I would have been free!" (240). This event showcases that when Ammu begins to focus on her own wish to be free of society’s constrictions, she no longer can prioritize the needs of her children, and in fact begins to view them as a
For example, in the first few paragraphs, we get a hint of how Connie’s mother is constantly nagging and complaining about how vain she is and how she is nothing like her sister. Speaking from a logical standpoint we can say that this negative backlash from her mother is upsetting to her, as it should be for any normal human being. Since she is receiving such negative attention in her home she goes out to seek “positive” attention. Her mother’s continuous praising of how great Connie’s sister June is, and how much better she is than her can be draining and irritating. Connie could just be going out to get the praise and attention that she needs or “deserves”.
There will always be sick people who find some twisted way to get a child under their grasp and abuse them, but for the most part, you can weed out unsuitable people who cannot or will not take good care of children. Some people have kids for the sole reason that it is the norm to get married, settle down, and have children. Cases like these are terrible because the mothers don’t truly want to be moms, they just go through parenthood because they feel like they’re supposed to. These types of people are super likely to abuse their kids because they are so unhappy with the situation that they brought upon themselves. In addition, by just simply looking into someone’s criminal history and not letting them adopt or legally have kids if they’re unsuitable you could save a child from a life of abuse and/or neglect.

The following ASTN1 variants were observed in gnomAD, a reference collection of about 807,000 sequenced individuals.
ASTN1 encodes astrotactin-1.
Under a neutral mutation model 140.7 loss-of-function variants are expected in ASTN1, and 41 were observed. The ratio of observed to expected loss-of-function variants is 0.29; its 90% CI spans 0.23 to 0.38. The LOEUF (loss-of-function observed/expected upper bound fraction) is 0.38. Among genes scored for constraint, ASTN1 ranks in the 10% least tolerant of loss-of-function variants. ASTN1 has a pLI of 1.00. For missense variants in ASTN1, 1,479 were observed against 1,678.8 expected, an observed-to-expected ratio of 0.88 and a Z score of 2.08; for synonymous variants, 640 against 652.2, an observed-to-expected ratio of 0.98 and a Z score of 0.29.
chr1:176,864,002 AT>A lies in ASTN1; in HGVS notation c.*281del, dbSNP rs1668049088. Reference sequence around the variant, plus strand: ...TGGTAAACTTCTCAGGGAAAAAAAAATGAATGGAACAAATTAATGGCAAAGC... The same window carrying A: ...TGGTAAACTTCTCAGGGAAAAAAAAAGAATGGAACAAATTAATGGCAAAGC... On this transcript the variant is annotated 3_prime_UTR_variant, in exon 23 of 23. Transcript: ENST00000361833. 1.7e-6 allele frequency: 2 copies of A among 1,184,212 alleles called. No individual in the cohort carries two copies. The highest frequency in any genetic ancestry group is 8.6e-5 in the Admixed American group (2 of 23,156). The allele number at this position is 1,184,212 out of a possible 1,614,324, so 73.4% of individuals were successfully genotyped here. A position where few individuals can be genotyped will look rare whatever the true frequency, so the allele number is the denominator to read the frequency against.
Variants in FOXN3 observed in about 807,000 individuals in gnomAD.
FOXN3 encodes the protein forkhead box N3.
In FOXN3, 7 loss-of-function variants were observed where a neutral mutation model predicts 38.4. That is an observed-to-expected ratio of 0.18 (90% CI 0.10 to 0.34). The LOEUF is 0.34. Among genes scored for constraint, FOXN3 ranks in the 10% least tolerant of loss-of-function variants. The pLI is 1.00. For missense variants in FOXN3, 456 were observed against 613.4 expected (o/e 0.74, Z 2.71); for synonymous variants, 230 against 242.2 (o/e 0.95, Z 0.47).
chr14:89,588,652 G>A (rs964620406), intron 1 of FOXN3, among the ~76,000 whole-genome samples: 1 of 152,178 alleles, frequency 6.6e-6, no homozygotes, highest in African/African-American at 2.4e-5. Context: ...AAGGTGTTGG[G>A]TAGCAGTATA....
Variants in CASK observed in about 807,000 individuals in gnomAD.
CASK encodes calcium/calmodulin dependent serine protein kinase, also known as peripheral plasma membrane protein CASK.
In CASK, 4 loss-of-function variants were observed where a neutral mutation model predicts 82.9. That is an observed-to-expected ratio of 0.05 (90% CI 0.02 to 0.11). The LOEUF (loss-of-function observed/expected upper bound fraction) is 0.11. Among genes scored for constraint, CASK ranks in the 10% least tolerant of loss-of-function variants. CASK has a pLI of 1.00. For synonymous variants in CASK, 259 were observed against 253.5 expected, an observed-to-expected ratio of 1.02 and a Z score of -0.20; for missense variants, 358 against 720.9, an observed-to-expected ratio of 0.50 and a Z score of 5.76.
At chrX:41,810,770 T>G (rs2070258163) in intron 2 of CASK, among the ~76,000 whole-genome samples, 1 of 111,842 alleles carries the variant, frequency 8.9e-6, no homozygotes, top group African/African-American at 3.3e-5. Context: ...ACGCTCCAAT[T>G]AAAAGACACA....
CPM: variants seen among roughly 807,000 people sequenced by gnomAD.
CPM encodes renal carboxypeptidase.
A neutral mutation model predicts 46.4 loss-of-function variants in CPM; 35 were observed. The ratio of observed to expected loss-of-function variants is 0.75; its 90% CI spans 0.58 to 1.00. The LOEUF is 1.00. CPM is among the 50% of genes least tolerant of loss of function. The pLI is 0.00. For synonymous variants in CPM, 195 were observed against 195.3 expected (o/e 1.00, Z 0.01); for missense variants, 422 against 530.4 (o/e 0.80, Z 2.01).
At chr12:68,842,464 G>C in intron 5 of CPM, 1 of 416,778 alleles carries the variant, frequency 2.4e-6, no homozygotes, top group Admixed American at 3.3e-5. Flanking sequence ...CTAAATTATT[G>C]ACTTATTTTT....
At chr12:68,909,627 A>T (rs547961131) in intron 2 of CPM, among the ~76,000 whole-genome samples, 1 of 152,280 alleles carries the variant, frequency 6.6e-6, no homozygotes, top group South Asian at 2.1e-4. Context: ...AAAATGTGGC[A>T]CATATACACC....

I will still be scared of turning out like my mother. I'll still fear that one day I will be the spitting imagine of who she is, inside and out. She left her children for something that took over her life; left a great man for someone that made her hate herself, and chose to continue to live that way despite how many times her children have begged her to change. I'll still fear turning out like my father, his past abusive relationships with my mother and the mother of his other three children, and the past abusive realtionship with him and myself. Maybe I'll fear the fact that they both have their blood running through my veins and I have watched the struggle and the pain, and in twenty years I don't want to live the same way.
Instead of the conflict of the story being between a husband and wife, the conflict is between a mother and a daughter. In the beginning of the story, we can see the obvious conflict between the two. The mother is what one might consider to be strict or abusive or maybe even just tough love. Many times, throughout the story, the mother is said to have hit or choked her daughter. Because of this, the daughter has turned into a disobedient girl and will do anything to go against the wishes of her mother.
In the story it says, “ ‘I know, I know. You’ve said that a hundred times,’ she snapped. ‘What did you say?’ He asked, pushing his newspaper aside.” Maria’s conflict connects to the theme of the story because she is being ungrateful towards her father and wants to grow up too fast.